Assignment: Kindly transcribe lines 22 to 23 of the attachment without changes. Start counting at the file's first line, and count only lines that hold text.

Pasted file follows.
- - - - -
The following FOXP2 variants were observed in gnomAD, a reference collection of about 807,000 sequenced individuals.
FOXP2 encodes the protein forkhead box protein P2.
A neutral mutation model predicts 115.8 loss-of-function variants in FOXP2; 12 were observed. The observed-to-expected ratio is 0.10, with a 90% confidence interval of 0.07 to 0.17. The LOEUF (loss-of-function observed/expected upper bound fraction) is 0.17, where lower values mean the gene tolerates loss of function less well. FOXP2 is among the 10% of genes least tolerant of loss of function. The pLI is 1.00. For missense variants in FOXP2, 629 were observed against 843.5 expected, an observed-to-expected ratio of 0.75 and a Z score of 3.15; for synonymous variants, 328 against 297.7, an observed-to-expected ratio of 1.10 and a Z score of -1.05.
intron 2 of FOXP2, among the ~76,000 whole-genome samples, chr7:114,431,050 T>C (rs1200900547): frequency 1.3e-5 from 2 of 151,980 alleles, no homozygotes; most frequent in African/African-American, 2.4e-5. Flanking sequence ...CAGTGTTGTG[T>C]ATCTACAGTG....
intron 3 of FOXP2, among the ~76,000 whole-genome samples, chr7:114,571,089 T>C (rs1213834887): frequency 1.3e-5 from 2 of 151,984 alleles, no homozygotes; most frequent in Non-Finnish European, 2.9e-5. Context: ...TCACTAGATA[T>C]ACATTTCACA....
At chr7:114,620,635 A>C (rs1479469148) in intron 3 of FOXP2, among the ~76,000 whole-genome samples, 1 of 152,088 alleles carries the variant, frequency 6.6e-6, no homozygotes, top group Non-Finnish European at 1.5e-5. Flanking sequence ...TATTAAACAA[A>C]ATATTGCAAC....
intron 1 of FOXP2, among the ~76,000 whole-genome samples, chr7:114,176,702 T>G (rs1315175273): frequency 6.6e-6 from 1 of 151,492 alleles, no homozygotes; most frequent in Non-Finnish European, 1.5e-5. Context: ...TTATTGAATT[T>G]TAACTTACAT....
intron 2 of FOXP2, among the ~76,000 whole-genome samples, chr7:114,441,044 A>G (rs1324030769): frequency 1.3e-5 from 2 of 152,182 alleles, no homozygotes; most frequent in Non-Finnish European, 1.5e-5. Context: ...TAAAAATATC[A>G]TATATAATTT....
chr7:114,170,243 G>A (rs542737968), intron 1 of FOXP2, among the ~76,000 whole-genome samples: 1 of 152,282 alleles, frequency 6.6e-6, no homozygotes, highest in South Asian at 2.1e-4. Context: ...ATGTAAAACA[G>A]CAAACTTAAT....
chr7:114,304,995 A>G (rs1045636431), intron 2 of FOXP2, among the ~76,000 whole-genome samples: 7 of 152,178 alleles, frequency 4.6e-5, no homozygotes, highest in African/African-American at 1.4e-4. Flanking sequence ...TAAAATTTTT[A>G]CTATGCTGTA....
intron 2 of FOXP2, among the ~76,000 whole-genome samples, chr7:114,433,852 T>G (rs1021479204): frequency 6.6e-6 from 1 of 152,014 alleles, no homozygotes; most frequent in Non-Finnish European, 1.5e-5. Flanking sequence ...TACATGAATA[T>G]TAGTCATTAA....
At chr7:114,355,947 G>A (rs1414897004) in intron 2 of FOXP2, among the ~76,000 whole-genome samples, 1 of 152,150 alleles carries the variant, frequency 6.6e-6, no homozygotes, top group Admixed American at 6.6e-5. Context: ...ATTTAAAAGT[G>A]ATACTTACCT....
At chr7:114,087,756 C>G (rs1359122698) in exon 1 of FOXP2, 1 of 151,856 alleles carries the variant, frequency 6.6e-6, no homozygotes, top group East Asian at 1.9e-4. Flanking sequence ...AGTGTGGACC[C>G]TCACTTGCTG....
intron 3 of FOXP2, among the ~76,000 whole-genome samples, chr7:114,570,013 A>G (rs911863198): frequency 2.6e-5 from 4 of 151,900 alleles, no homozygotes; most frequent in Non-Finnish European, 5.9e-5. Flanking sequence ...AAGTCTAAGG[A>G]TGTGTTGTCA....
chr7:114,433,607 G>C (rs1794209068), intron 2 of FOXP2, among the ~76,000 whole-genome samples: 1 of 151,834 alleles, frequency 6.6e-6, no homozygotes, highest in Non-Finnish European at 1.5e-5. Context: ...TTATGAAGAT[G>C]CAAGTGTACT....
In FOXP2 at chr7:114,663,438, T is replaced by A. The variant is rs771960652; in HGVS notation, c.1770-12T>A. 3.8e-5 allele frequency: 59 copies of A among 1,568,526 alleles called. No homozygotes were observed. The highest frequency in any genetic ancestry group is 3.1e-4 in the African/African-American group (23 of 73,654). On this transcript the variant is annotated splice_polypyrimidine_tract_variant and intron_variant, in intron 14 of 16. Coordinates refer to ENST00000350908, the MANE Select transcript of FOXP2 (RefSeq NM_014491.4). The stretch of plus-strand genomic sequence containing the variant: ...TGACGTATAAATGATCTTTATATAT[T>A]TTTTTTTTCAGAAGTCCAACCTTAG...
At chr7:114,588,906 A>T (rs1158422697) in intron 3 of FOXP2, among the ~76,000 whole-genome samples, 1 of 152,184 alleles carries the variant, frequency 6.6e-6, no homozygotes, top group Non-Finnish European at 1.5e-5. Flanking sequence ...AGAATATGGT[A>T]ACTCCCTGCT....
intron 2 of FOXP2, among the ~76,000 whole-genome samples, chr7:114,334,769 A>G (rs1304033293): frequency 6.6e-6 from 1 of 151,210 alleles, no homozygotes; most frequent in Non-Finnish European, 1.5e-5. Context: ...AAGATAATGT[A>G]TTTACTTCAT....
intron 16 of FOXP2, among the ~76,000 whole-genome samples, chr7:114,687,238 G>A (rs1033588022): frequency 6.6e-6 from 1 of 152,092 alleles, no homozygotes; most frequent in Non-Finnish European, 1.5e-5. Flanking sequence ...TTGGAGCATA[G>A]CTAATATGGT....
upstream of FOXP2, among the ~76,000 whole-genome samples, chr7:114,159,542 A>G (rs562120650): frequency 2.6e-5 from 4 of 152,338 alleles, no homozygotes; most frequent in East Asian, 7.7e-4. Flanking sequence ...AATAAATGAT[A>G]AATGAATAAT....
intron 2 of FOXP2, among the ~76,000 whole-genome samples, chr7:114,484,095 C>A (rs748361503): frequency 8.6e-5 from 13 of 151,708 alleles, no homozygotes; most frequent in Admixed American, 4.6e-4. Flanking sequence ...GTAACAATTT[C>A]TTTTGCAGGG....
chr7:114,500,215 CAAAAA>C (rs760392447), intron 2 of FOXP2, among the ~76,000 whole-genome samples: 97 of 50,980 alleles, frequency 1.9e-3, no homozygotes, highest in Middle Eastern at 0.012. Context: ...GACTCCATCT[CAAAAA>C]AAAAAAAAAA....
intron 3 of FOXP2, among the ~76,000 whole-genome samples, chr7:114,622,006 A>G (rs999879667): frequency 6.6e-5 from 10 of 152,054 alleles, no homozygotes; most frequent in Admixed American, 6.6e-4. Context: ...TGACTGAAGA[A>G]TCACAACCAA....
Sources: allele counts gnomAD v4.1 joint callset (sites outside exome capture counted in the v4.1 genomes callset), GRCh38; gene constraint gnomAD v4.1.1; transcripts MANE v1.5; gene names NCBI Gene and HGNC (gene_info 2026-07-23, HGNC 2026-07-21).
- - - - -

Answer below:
chr7:114,500,215 CAAAAA>C (rs760392447), intron 2 of FOXP2, among the ~76,000 whole-genome samples: 97 of 50,980 alleles, frequency 1.9e-3, no homozygotes, highest in Middle Eastern at 0.012. Context: ...GACTCCATCT[CAAAAA>C]AAAAAAAAAA....
intron 3 of FOXP2, among the ~76,000 whole-genome samples, chr7:114,622,006 A>G (rs999879667): frequency 6.6e-5 from 10 of 152,054 alleles, no homozygotes; most frequent in Admixed American, 6.6e-4. Context: ...TGACTGAAGA[A>G]TCACAACCAA....